I will be sharing this space today with my friend and local historian Blount Rumley, who wrote this article.
Ever since the first settlers came to occupy the Outer Banks of North Carolina, there was a need to provide these islands with the elements needed to sustain a community; material that the community could not produce for itself. In return, bank dwellers sold goods from the sea, operated trading ports, and later provided a place to relax from mainland life.
Neighboring mainland coastal towns were the logical link to the Outer Banks, as they had the necessary transportation and service links to other parts of the country. Washington was the main connector with Ocracoke, and there was a strong business and social relationship between them.
Individuals and business entities from opposite ends of the trade route operated ships to transport goods back and forth. Another class of ship carried passengers, mail, and small items, but these are ships that carried heavier materials and larger shipments. Over the years, many ships, for example, Annie Wahab, Nellie, Mary S, Preston, Reliefand those listed below, raced into the 20th century, the last of an era.
Russell L- Belonging to Captain Ike O’Neal, it was a Bug-Eye, which wore Leg-O-Mutton sails. A gasoline engine was retrofitted. On one trip, she sailed from Ocracoke to Washington in a record time of 5.5 hours, registering 12 knots. The motorized Bessie Virginia could never beat that time. It was the last sailboat on the run. She ran aground near Ocracoke after a storm circa 1922. On a voyage to Ocracoke, a goat on board ate much of the jib, which was left unused. The boat could not return to Washington on schedule until the jib was repaired.
Dryden – Vessel William G. Dryden, operated by Captain Jesse Garrish, was similar to the Bessie Virginia but somewhat smaller, and was used on the Ocracoke-Washington run. She also ran from Ocracoke to Swan Quarter for a time. She was the first diesel-powered boat on the Washington route.
Lindsay C.Warren – The Warren was a former military patrol boat converted into a freight transport boat. On January 26, 1950, the captain, Glenn Willis of Beaufort, was shot and killed in Washington by a crew member. This ended the roughly one-year lifespan of this race.
Mouth paw – The Mouth paw, owned by Kim Saunders of Washington, was in service for a short time after World War II. It was a former military aircraft rescue boat. Kim replaced the faster gasoline engines (possibly Packard) with more fuel efficient diesel engines.
Bessie Virginia – The m/v Bessie Virginia was built in Crisfield, MD circa 1910 of California red pine, with 3-inch-thick boards. Its length was 64 feet 11 inches, with a width of 18 feet. Her draft was 5 feet, with a cruising speed of 10 knots. She had a Cummins diesel when purchased, and this was replaced with a gray diesel at Swan Quarter. She was purchased in 1949 or 1950 by Captain Van Henry O’Neal and his father, Captain Walter C. O’Neal of Ocracoke. The first lieutenant from 1949 to 1961 was Powers Garrish. Her average loaded trip time was 7 hours and 15 minutes, but on a trip with a good tide she did it in 6 hours and 55 minutes (The above is a quote from Van Henry O’Neal) .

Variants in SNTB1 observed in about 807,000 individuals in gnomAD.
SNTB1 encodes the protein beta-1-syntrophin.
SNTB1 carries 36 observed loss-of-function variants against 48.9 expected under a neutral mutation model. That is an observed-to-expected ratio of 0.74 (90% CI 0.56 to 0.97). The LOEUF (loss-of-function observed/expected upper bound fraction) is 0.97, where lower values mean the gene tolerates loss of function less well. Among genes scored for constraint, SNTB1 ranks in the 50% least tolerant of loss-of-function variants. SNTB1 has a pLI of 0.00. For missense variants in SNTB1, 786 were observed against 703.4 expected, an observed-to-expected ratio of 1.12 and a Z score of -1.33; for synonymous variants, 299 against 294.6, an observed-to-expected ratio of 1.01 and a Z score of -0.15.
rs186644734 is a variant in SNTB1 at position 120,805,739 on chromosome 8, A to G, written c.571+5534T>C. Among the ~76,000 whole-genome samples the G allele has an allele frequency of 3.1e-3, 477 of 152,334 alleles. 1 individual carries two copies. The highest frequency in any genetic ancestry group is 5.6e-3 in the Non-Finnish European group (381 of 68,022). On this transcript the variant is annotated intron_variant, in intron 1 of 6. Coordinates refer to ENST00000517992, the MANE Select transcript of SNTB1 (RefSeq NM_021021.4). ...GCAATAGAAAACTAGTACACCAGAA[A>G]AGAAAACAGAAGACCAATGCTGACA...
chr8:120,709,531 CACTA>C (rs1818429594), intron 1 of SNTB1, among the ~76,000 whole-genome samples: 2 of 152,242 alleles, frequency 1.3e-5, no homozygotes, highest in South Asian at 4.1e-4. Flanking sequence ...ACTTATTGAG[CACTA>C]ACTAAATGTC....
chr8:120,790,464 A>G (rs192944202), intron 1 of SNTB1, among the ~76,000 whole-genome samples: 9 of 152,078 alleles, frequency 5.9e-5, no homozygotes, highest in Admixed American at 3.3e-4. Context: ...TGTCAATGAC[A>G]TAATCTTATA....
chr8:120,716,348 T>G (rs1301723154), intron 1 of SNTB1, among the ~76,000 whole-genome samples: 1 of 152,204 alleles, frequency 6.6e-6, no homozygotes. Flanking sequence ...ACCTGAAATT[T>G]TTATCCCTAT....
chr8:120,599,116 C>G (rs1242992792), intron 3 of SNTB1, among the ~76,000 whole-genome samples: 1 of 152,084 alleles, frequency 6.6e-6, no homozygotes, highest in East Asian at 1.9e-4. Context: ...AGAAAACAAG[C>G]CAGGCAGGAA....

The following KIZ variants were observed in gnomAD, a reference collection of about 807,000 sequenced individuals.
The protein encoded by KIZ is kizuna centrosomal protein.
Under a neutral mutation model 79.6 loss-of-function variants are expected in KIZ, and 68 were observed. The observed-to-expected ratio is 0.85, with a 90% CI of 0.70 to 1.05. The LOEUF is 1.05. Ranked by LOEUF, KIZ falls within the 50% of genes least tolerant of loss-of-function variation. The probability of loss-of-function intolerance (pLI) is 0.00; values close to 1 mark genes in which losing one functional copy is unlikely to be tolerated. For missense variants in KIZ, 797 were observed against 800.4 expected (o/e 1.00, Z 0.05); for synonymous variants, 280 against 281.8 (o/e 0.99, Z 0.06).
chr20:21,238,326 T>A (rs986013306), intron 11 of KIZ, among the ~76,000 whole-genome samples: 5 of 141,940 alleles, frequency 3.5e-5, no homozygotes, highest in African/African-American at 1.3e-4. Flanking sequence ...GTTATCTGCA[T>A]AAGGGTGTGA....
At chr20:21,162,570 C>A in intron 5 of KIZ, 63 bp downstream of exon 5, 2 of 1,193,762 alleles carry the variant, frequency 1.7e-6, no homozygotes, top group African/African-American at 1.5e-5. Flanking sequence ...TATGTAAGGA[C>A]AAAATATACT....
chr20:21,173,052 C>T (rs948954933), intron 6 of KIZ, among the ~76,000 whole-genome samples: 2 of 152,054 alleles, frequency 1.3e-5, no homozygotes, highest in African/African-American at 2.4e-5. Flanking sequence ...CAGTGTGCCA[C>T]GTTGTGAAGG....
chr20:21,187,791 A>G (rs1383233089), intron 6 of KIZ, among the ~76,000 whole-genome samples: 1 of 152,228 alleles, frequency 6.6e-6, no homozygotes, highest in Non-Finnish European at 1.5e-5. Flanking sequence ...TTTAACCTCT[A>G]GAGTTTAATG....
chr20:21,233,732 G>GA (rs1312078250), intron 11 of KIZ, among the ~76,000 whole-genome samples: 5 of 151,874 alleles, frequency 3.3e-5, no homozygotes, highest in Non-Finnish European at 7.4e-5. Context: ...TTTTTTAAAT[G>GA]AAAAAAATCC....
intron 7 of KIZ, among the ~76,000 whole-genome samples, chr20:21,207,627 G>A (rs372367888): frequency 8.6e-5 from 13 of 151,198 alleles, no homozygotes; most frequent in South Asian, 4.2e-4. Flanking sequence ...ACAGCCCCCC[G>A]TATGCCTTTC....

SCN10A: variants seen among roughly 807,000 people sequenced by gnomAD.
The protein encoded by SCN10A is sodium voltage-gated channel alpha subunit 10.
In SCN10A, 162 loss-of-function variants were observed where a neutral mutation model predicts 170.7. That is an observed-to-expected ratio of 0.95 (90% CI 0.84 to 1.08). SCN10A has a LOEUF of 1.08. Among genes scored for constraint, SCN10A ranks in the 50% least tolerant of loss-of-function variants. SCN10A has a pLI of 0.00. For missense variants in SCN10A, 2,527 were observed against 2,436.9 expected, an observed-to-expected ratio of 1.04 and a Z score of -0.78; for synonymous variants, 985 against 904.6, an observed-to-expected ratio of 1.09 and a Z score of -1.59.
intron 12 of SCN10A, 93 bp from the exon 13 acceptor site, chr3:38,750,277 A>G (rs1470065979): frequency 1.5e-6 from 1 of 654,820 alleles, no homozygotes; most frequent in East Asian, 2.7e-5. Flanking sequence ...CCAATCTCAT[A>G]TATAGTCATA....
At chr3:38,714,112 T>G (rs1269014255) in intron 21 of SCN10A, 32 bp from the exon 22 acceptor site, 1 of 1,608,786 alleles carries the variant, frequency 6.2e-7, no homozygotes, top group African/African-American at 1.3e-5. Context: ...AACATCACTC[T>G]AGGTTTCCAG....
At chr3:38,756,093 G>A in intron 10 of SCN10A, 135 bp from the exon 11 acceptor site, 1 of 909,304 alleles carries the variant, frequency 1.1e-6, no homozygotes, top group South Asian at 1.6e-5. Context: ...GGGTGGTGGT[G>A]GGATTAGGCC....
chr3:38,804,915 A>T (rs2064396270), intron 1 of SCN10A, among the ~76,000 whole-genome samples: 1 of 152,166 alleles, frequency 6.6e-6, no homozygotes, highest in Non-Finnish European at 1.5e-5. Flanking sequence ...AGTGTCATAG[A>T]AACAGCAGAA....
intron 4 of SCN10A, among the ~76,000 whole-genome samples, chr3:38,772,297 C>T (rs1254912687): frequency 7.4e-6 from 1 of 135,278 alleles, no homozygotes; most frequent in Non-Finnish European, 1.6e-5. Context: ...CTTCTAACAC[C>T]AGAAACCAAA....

In addition to passengers, she carried virtually anything that could physically make the trip. Henry Rumley helped support a house caravan across the bridge in Washington. Van Henry managed to guide him across the railroad bridge in a very precise maneuver, and he headed for Ocracoke.
Note the photo from Ocracoke showing the fuel drums that almost always surrounded the wheelhouse. Soft drinks were always loaded on board, as were groceries from local wholesalers. She carried medicine, clothing, building materials, motor vehicles, passengers, livestock and anything that could fit on board. Van Henry could often be seen visiting stores in Washington with a list of necessary items from the Ocracokers. She carried full loads of seafood for individuals and wholesalers on reverse trips to Washington.
When the state was paving the first roads on Ocracoke, the Bessie Virginia brought all the concrete for the job from Norfolk; 17,600 one hundred pound bags. It took a few trips to Norfolk to do that. (Quoted from Van Henry, 1992). During World War II, the navy transported its own concrete to build the road from the naval base to the munitions depot.
By 1961, the state’s ferries, bridges, and Highway 12 had been significantly improved, and with them came the inevitable decrease in the need for coastal freight ships. In February 1961, the Bessie Virginia reduced its Washington run to every two weeks. On May 25, 1961, Van Henry sold the Bessie Virginia and discontinued service to Washington. Van Henry delivered the ship to its buyer in Norfolk, Virginia. His son, Ronnie Van, went with him, and Ronnie Van joined the Coast Guard the next day.
This ended an era that had begun at least 180 years earlier.